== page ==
Someone recently asked me a question about Mark Driscoll. The person wrote,
“Frank, I read Driscoll’s review of your book Pagan Christianity and thought it was horrible. I’ve read your book twice and Driscoll’s review was so filled with misrepresentations that I lost a lot of respect for him. Have you or Barna responded to it? Also, I recently read about the accusations about Driscoll’s plagarism. Apparently he stole from Dr. Peter Jones and D.A. Carson verbatim even without giving credit. What do you think about that?”
Thanks for your question.
First, as for your last question, “what do you think about that?” — my answer is, “I try not to.” 🙂 It’s really of no interest to me.
I don’t know Driscoll. We’ve never met and we’ve never spoken to one another. In addition, I don’t follow his ministry so I have no idea what he’s doing or saying. In fact, I’ve never read a Driscoll book nor heard a Driscoll sermon. And I have no current plans to do so.
Second, I am aware that there are tons of accusations against him, both personal and non-personal, some quite severe and damaging, but I give no weight to any accusations on the Internet against those who are serving the Lord today because most of them aren’t true and most constitute gossip (which is a sin the last time I checked).
So my default setting is to treat others the same way I want to be treated (that’s somewhere in the NT, I think ;-)) and disbelieve any negative word about another human being unless I can verify it by multiple credible witnesses or the person admits it themselves. A.W. Tozer taught this principle perhaps the best of anyone I’ve ever read.
Thus if you want people to give you the benefit of the doubt when you’re being criticized or accused and to believe the best about you, then treat others the same way (Matthew 7:12).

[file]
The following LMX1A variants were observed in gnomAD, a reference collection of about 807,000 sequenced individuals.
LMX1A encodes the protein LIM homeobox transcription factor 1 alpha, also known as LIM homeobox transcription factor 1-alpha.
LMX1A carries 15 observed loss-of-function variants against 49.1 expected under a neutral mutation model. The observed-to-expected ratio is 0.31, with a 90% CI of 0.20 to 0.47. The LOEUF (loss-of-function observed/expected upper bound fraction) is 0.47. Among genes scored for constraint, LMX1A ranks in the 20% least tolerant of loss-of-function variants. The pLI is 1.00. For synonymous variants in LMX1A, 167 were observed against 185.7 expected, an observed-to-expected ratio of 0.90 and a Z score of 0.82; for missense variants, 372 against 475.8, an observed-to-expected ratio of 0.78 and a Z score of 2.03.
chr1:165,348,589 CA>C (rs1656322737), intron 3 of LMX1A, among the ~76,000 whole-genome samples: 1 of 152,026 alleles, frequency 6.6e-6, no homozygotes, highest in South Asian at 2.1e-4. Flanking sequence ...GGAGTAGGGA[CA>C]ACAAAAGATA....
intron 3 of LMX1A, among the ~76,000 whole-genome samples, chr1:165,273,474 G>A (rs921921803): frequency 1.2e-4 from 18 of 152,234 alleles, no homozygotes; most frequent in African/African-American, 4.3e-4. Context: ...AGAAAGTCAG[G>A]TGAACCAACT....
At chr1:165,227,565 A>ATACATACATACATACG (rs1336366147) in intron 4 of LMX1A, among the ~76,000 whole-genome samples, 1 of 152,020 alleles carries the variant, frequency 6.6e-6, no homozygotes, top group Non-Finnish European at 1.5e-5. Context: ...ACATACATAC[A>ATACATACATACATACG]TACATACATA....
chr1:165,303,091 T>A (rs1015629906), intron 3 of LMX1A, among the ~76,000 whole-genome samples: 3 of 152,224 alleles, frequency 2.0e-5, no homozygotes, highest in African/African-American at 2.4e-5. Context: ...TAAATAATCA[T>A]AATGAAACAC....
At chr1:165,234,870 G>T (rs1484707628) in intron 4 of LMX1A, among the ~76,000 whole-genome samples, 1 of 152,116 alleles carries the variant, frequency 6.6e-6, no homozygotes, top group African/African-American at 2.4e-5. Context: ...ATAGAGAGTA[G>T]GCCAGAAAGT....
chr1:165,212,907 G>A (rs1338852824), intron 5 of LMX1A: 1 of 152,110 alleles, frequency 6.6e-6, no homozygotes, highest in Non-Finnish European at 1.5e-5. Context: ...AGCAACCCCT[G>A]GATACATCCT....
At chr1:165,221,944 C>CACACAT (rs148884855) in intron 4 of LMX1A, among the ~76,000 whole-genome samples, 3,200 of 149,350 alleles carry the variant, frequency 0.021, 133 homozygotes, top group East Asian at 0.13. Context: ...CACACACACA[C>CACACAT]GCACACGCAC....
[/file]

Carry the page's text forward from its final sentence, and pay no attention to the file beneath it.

Third, since I have no relationship with Driscoll, it’s not my place to give any opinion on the recent allegations of plagiarism or any other allegation against him. If they are true, I expect that Driscoll will admit it, disprove it, or there will be multiple respected voices showing that the allegations were true or false.
But as I’ve said, I am monumentally disinterested either way. And I don’t wish to be a “busybody in other men’s affairs,” as that is also sin.
Regarding his review of Pagan Christianity, I’ve already addressed this years ago. Here’s what I wrote:“Apparently Mark published a critique of Pagan Christianity some months back. I had no idea it existed except for the fact that people began telling me about it and asking if Mark had contacted me. Sadly, Mark never came to me or George to look at the critique before he published it.
For his own sake, I wish Mark had come to me and George to openly dialogue about our book before he reviewed it. One of the reasons is that every argument in his critique had already been answered and refuted by Jon Zens in his response to Ben Witherington. Click here to read it.
Mark’s review is simply a rehash of Witherington’s critique. (You can also view my response to Witherington’s critique of Reimagining Church by clicking here.)
If you know people who have read the critique that Mark Driscoll published on Pagan Christianity and are wondering if there’s a response to it (or are open to read one), feel free to send them to this blog post. Unfortunately, it’s impossible for our response to be placed on the actual critique because no comments are allowed on it. So no one can expose the errors in it on his site.”
If you find this post helpful, you are free to ADD A LINK to it on your blog or website. But don’t copy and paste the post as this violates Google’s guidelines.